TITLE

POLLS AND PROTESTS

AUTHOR(S)
Lipset, Seymour M.
PUB. DATE
April 1971
SOURCE
Foreign Affairs;Apr1971, Vol. 49 Issue 3, p548
SOURCE TYPE
Periodical
DOC. TYPE
Article
ABSTRACT
This paper analyzes the results of several U.S. polls which show the increasing opposition of U.S. college students to the Vietnam War and the concomitant growth in radical-left sentiments among them have not involved the total young adult age group. The paper begins by concentrating on the development of student opinion on the Vietnam war. Surveys showed that the majority of students supported the war until 1968. Not until June of that year did a Gallup Poll indicate that the proportion of students who thought the U.S. had made a mistake in becoming involved in Vietnam had reached 50 percent. The reaction against the May 1970 Cambodian incursion produced the largest and most extensive student protest movement the U.S. has ever experienced. All the survey data document the increased extent of student participation, as well as the fact that student attitudes in general moved to the Left, not only with respect to the war, but on other issues as well. The author notes that when examining the results of various national surveys of students from 1965 to 1970, it is difficult to come to any definitive conclusions concerning the depth and enduring quality of their discontent and its portent for continued tension with the government.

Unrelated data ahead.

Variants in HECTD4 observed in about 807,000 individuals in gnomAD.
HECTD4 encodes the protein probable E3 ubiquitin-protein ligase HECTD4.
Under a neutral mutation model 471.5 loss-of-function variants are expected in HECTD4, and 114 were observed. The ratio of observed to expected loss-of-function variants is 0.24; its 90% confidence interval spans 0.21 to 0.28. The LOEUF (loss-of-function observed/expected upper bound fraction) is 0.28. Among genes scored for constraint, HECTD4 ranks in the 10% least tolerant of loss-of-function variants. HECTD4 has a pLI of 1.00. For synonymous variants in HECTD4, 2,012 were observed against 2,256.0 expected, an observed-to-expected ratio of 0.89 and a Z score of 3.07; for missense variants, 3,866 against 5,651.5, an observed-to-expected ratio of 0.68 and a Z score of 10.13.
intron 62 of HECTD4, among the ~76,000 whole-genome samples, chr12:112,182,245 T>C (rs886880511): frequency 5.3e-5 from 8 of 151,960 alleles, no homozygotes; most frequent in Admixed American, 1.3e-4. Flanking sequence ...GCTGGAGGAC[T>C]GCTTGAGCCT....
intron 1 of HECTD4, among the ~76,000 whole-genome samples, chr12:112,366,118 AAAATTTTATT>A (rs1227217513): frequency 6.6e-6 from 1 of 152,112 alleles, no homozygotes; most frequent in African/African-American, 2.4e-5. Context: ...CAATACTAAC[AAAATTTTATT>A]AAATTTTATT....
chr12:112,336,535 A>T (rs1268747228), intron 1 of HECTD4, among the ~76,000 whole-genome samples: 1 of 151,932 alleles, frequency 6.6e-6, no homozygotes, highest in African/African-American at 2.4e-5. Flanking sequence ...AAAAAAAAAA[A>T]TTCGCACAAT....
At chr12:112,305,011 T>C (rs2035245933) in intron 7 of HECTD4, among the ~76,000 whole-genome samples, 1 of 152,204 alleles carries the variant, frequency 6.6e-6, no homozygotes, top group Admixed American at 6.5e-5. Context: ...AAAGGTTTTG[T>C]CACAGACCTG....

ACCESSION #
5804316

 

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